The overall Alcohol Screening And Prevention Initiative (ASAP) aims to help students make healthy and informed decisions about drinking, as well as to prepare mentor figures on campus to confidently have conversations with students about drinking. For a University-sanctioned initiative, ASAP’s mission is surprisingly non-punitive.
This distinct lack of a “bad cop” mentality is a response to recent Student Affairs focus group results, which confirmed that students avoided engaging with alcohol-related resources on campus for fear of being identified and targeted.
Thus, the ASAP support line was born: “Taking that real fear that students discussed, the idea was to create a resource that students can access 24/7 without having to identify who they are,” says Nicolas Sperry, Assistant Director of Recovery and Support Programs at BC.
Distinct from Counseling Services, the ASAP support line is not staffed by licensed physicians, but rather by “consultants,” as Sperry calls them, whose role is to “help students discern and seek the appropriate resources when necessary.”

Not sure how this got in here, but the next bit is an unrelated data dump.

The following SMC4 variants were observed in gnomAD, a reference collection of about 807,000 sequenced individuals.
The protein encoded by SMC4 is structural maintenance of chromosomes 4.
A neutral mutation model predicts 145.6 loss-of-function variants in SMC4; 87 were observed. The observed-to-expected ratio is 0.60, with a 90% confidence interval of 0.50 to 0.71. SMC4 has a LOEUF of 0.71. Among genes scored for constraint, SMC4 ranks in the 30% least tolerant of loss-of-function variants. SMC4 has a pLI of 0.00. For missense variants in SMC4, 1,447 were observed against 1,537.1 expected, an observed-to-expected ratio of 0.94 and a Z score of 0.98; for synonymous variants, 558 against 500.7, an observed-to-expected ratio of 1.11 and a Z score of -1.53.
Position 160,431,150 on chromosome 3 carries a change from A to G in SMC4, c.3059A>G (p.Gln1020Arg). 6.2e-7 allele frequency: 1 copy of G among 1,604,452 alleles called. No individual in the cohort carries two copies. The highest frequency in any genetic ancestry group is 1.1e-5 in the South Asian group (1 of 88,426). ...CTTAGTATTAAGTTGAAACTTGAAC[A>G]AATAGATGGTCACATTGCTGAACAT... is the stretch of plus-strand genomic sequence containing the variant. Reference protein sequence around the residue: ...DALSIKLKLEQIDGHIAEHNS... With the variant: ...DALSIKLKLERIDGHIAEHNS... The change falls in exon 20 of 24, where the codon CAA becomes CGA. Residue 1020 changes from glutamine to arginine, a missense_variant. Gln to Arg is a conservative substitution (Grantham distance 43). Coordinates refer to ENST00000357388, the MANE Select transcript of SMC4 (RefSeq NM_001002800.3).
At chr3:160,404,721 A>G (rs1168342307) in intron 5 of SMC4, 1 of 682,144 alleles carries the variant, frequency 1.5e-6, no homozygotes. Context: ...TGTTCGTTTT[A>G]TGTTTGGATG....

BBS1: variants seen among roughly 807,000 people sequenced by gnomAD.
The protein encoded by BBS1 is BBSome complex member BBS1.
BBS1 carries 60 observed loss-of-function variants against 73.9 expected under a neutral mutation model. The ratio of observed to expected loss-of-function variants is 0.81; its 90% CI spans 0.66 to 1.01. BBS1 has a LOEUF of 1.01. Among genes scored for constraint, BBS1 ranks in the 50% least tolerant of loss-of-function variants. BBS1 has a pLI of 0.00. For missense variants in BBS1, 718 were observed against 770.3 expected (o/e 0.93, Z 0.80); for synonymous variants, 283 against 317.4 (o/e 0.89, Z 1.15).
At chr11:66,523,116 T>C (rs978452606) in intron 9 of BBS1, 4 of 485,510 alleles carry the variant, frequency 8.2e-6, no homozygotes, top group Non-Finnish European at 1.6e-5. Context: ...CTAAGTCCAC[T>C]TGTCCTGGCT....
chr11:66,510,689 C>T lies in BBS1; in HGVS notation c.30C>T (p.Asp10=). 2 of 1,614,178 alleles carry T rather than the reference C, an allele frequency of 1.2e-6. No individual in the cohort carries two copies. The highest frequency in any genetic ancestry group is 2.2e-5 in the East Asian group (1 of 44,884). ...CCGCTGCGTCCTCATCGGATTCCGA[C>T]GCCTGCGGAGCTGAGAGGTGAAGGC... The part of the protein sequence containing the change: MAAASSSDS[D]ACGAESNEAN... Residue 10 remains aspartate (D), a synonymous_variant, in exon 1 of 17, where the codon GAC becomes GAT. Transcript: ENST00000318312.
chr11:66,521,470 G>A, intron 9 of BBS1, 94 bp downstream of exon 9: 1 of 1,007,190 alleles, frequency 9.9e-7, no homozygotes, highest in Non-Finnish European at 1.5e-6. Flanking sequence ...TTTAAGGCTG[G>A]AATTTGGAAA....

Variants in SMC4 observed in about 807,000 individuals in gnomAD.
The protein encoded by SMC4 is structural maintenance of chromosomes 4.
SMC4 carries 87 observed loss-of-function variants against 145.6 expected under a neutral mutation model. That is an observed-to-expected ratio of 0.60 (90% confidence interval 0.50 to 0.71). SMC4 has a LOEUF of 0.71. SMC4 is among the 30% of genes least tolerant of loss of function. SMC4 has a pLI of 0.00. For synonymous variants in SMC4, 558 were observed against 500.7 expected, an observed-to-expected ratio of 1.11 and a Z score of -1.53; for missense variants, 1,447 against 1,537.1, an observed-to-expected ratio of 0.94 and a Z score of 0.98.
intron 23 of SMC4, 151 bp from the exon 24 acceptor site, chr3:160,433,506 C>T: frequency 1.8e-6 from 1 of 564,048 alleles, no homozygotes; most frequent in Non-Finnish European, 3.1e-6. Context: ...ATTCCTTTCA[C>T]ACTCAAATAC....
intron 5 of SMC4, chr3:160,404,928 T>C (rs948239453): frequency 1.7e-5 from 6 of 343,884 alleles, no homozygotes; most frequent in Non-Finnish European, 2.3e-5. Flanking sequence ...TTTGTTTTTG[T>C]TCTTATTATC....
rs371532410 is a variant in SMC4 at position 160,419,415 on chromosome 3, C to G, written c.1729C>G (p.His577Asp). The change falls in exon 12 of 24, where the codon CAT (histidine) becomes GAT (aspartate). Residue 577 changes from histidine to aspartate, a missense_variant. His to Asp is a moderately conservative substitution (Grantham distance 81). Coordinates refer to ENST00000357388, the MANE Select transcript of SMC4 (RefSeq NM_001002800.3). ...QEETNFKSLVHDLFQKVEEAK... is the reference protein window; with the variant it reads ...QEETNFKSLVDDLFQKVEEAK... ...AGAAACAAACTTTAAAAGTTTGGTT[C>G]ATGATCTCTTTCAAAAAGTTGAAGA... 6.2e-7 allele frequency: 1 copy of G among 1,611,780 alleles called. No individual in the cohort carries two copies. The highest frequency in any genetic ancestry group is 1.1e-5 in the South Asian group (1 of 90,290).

The consultants can actively assist students in seeking emergency help if needed, and can also clarify the “help seeking policy” (4.3.3. in the code of conduct) to students who are considering seeking support, but are still concerned that they or a friend will be punished.
“More people fall into having a distorted idea about resources on campus,” says Sperry, “as opposed to people who know they won’t walk in and be thrown into the conduct system for drinking.” For this reason, ASAP’s biggest task may well be to convince students that alcohol-related resources at BC aim to support them, not to rat them out to the administration.
Just like increased confidentiality in sexual assault reporting, greater anonymity in the form of the ASAP alcohol support line may compromise the administration’s capacity to punish misconduct on campus. The hope is that, ultimately, this shift will increase of students’ level of trust as they seek more empathetic, and less mechanical, resources on campus.
The ASAP alcohol support line can be reached at (617) 552-4000.
SANet’s phone number is (617) 552-2211, which can be located on the back of any Eagle ID card.